Trauma-Informed Police Interview Effectiveness

Trauma-Informed Police Interview Effectiveness

How does trauma affect crime victims? And how does that trauma influence their perceptions of the crime?

These topics will be addressed in a new course, Victim Centered Interview Training for Sexual Assault Investigators, at DOCJT this fall.

Trauma may explain why a robbery victim states that the gun he was robbed with was three feet wide, or why a sexual assault victim is unable to recall what a suspect was wearing or where the assault occurred.

The effect of traumatic events on a victim’s ability to accurately recall and relay that information to law enforcement varies widely from victim to victim. The current practices of law enforcement regarding interviews of victims and witnesses is based on many early 20th century practices.

The one thing police do more than almost anything is interview people. Standard police training has consolidated the functions of interviewing and interrogation. This is problematic because interrogation techniques can sometimes increase re-victimization and cause further trauma to victims. To minimize re-victimization, the same guidelines used in officer-involved critical incidents should be integrated into interviewing victims of trauma so that the best information can be obtained.

Police departments should increase their training for officers to ensure that interviewing is completed in a trauma-informed and victim-centered approach.

Background of police interviewing

The standard interview practice has been to obtain the who, what, when, where and why of an incident. The collection of that information is often obtained in the form of what is called “Just the Facts ma’am,” to paraphrase Jack Webb as Detective Sgt. Joe Friday on the 1960s television show “Dragnet.”

The understanding needed in law enforcement or any endeavor requires more than just the facts. Criminal intent is often part of the criminal charge as well as the mental state of the victim – the person in fear of threat or harm. The acceptance of the standard/traditional methods of interviewing provides some information, but standard practices may not be effective in obtaining sufficient information from crime victims. The merging of interviews into one topic of interview and interrogation is, in my opinion, one of the main problems in effective law enforcement interviews.

The law enforcement community has known for some time that the interviewing of victims/witnesses of traumatic events required a different approach. The Cognitive Interview (CI) was developed to understand better retrieval of information instead of just how memory is stored.

The use of CI with children was shown to have provided greater recall accuracy evidenced by the obtainment of 21 percent more correct information than standard interview practices, according to an article by Amina Memon and Ray Bull, “The cognitive interview: Its origins, empirical support, evaluation and practical implications.”

The experience of sights, sounds and environmental factors can allow for greater recall in children and adults. The experience of child abuse investigators showed that once they were trained in techniques, the victim interviews were of such quality that there was a marked increase in guilty pleas.

These methods for trauma-informed interviewing had results that showed CI for adults could be more effective in providing detailed information to investigators. The information provided by these interview methods can be valuable to not just criminal investigations, but also anyone who needs a more comprehensive picture of a situation. Many officers/investigators have intuitively known this for many years and have widened the scope of their investigative questions.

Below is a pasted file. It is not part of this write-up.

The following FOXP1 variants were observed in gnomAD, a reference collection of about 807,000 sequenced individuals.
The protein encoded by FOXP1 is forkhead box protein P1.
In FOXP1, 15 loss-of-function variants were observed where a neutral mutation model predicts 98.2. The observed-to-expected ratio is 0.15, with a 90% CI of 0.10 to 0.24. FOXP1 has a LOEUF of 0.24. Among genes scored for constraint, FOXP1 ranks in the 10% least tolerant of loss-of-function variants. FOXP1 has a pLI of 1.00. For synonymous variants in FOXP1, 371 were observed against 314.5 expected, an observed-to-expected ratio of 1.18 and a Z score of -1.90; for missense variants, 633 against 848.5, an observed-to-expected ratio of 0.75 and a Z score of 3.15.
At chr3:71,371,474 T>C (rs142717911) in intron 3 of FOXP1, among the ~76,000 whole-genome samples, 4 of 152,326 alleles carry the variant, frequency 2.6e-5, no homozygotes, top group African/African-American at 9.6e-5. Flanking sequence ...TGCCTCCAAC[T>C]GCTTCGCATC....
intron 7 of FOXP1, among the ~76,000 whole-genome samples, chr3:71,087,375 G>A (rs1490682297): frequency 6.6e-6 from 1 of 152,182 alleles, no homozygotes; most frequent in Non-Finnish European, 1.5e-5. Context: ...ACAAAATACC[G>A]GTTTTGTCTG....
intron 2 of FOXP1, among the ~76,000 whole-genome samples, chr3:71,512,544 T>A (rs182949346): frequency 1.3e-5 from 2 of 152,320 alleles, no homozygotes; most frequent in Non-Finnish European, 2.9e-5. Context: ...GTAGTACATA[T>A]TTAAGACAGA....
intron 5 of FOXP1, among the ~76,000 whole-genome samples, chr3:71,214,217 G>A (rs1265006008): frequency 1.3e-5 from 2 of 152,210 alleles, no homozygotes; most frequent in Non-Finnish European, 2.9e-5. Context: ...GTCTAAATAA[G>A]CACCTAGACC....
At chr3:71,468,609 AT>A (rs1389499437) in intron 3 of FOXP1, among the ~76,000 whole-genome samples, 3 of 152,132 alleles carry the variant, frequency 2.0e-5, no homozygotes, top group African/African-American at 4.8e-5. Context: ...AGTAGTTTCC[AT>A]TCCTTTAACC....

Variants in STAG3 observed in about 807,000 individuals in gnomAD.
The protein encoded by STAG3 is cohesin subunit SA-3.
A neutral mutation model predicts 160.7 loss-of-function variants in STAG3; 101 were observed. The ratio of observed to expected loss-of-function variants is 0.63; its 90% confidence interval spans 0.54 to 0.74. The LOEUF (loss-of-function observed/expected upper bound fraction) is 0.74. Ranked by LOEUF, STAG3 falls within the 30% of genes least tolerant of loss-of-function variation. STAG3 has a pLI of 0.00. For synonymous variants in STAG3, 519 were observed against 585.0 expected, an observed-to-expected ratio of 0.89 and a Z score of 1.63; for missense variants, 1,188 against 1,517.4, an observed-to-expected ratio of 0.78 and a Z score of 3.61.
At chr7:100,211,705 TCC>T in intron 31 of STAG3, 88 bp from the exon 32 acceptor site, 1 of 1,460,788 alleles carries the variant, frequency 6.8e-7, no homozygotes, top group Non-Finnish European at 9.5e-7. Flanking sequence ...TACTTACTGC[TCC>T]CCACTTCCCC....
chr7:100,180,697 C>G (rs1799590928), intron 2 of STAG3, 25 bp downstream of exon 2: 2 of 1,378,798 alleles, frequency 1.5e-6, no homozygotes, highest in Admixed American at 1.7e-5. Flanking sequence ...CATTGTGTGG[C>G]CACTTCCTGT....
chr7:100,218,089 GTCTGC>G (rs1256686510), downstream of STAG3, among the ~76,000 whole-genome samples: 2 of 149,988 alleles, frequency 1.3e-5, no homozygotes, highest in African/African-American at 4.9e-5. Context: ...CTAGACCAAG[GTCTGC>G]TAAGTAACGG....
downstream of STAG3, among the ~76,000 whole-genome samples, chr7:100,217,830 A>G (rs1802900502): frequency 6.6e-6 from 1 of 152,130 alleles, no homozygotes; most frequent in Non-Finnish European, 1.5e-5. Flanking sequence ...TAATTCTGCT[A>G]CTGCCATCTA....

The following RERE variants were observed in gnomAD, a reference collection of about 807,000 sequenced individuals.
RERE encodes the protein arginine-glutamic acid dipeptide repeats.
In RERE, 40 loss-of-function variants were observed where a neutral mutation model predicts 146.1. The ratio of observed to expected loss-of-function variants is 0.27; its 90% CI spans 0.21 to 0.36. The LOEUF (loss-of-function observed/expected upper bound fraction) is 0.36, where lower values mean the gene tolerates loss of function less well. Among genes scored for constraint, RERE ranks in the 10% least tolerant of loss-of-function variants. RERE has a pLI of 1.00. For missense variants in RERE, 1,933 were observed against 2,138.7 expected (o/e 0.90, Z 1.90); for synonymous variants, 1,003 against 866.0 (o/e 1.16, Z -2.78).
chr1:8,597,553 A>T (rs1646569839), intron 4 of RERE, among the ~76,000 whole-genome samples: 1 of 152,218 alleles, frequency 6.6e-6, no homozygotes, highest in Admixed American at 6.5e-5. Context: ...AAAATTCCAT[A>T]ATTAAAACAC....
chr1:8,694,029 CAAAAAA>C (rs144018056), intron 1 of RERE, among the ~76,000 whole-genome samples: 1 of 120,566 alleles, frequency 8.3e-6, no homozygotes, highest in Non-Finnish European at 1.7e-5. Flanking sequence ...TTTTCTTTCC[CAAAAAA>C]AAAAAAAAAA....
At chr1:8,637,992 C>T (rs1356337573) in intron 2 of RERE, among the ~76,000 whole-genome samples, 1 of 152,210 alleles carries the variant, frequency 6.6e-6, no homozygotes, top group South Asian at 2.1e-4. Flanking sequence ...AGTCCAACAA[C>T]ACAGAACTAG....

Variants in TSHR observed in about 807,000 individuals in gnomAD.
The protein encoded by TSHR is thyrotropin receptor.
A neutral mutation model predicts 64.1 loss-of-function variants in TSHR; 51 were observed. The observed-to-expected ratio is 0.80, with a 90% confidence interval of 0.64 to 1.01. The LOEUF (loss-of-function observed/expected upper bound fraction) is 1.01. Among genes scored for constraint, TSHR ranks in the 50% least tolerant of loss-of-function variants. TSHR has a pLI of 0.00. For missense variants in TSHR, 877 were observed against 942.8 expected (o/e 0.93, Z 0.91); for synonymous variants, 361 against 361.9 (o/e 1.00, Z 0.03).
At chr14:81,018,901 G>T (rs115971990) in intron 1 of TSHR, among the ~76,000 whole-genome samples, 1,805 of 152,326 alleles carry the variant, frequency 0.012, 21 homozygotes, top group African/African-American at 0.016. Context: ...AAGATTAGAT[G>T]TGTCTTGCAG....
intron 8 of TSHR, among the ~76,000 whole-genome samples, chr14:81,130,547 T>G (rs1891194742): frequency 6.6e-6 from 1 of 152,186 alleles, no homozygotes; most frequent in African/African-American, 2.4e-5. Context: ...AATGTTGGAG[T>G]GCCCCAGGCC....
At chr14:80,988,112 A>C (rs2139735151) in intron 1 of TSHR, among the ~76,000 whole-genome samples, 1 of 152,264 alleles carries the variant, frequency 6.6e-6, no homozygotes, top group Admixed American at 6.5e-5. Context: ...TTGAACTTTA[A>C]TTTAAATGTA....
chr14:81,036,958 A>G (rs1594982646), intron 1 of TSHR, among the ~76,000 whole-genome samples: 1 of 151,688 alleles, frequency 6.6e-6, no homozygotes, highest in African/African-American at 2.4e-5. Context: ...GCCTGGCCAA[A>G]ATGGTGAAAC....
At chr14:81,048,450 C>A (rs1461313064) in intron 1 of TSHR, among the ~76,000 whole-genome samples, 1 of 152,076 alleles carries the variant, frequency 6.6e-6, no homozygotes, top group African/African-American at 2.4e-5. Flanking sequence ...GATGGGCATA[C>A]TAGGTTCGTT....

The need to have more consistent and effective interviewing techniques has given rise to a focus on the use of cognitive interviewing techniques. The reality is that CI may take longer than standard interviews. With all the time-consuming aspects of modern investigation, including travel and locating witnesses, an additional 20 minutes is worth the time and cost for a more-effective interview.

The CI model has been used by specialty crime units for some time but has not filtered out to first-line responders. Law enforcement needs to embrace the use of trauma-informed practices that many child wellness partners have used for years. The incorporation of people’s trauma as part of the interview process will enhance investigative abilities.

The truth of any investigation is the need to conduct quality investigative interviews as soon as possible after a criminal event. It is not beneficial to have victims who have suffered extreme trauma express thoughts and feelings relatively close to the event. However, it is important to understand that, like other professions, law enforcement should not cause more harm to victims or witnesses that have already experienced a traumatic event. The majority of people have never had any interaction with law enforcement, nor have they been interviewed by them. Most people only know what they have seen in movies or TV.

How we treat people who have been exposed to trauma will yield better outcomes when we use methods that show officers as less threatening and supportive. Acknowledging and understanding that trauma has an impact on victims can lessen the stress of an investigation.

Victim Centered Interview Training for Sexual Assault Investigators will be taught in Richmond Nov. 11-15, in northern Kentucky Oct. 28-Nov. 1 and in Louisville Dec. 9-13.

DOCJT Public Safety Dispatch Academy Class 127 Graduates

DOCJT Public Safety Dispatch Academy Class 127 Graduates

DOCJT Announces Education Initiative for Law Enforcement

DOCJT Announces Education Initiative for Law Enforcement